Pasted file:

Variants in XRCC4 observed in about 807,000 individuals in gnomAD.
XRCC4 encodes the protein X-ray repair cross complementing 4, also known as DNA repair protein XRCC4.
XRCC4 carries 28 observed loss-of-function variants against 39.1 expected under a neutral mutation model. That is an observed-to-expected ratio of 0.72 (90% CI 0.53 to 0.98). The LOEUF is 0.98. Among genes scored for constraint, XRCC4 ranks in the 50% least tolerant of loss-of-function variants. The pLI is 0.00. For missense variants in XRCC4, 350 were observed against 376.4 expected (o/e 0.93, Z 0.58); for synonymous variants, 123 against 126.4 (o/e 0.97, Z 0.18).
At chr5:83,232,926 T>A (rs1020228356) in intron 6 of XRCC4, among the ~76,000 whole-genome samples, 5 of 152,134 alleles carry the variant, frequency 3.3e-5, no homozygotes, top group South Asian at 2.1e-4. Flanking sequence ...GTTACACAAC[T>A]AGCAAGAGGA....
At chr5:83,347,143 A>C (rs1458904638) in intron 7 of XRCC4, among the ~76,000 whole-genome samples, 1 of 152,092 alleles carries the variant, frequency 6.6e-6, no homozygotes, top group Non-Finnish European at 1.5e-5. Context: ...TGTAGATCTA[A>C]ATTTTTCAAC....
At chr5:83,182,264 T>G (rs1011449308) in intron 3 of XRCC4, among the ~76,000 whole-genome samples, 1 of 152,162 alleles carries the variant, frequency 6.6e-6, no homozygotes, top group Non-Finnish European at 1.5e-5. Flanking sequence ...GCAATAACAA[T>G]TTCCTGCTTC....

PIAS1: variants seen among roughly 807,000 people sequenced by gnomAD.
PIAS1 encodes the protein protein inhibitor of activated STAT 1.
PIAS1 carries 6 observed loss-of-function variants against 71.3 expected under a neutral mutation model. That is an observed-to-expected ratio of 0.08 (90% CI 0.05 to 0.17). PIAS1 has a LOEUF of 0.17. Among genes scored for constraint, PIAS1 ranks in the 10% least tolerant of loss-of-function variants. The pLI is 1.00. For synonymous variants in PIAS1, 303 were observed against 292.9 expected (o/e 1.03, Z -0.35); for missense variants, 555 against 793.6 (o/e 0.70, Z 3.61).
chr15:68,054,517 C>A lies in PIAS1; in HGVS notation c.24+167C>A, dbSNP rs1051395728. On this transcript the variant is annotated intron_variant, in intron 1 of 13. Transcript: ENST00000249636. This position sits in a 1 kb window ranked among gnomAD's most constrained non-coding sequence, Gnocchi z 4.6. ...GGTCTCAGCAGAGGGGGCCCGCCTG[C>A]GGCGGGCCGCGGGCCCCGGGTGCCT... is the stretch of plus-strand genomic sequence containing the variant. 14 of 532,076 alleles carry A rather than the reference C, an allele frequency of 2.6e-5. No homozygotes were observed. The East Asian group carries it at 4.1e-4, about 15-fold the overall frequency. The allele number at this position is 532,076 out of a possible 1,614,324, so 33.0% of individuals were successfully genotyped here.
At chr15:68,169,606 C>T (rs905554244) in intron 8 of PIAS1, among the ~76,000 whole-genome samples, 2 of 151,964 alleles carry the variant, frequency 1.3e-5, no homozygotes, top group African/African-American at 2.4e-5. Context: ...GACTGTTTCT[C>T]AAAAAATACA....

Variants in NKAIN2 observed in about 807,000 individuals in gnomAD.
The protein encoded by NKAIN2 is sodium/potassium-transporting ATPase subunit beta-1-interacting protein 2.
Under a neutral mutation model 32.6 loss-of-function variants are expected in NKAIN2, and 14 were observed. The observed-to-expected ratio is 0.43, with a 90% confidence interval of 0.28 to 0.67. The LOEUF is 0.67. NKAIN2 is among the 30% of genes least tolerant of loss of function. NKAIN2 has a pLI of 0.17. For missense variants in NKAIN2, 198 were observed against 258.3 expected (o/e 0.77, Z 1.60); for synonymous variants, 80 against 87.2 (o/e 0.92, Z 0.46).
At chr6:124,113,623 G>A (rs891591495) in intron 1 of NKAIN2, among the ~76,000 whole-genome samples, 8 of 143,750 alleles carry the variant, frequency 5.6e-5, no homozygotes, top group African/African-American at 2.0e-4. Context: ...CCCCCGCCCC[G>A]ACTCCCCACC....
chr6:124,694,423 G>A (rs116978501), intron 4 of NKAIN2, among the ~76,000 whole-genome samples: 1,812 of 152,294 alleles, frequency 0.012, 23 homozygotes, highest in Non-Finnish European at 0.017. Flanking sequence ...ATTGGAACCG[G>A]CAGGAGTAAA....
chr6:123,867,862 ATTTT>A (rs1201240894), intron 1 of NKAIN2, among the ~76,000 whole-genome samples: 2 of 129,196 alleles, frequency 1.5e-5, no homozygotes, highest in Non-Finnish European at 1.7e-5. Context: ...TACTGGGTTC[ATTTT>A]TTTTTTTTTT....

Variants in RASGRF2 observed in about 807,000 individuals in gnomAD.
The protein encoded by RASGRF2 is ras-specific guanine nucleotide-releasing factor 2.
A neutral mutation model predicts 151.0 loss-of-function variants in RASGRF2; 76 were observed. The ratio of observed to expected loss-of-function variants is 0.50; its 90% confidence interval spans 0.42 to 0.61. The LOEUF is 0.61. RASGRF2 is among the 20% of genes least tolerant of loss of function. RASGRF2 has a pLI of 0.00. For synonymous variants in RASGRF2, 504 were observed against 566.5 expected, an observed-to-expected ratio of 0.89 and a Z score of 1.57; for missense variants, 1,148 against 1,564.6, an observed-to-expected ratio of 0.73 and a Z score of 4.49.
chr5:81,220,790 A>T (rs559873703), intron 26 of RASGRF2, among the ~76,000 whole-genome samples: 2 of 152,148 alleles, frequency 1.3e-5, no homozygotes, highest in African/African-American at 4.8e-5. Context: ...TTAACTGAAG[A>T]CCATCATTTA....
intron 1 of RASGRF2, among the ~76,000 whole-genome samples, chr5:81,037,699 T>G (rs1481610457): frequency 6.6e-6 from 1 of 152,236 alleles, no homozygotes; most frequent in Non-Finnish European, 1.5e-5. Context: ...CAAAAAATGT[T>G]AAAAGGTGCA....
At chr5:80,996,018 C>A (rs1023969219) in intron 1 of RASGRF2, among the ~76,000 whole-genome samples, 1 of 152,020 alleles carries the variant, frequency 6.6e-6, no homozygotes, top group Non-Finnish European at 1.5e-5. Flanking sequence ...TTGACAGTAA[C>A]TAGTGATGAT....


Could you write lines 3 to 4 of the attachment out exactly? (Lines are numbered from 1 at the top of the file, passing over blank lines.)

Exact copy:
XRCC4 carries 28 observed loss-of-function variants against 39.1 expected under a neutral mutation model. That is an observed-to-expected ratio of 0.72 (90% CI 0.53 to 0.98). The LOEUF is 0.98. Among genes scored for constraint, XRCC4 ranks in the 50% least tolerant of loss-of-function variants. The pLI is 0.00. For missense variants in XRCC4, 350 were observed against 376.4 expected (o/e 0.93, Z 0.58); for synonymous variants, 123 against 126.4 (o/e 0.97, Z 0.18).
At chr5:83,232,926 T>A (rs1020228356) in intron 6 of XRCC4, among the ~76,000 whole-genome samples, 5 of 152,134 alleles carry the variant, frequency 3.3e-5, no homozygotes, top group South Asian at 2.1e-4. Flanking sequence ...GTTACACAAC[T>A]AGCAAGAGGA....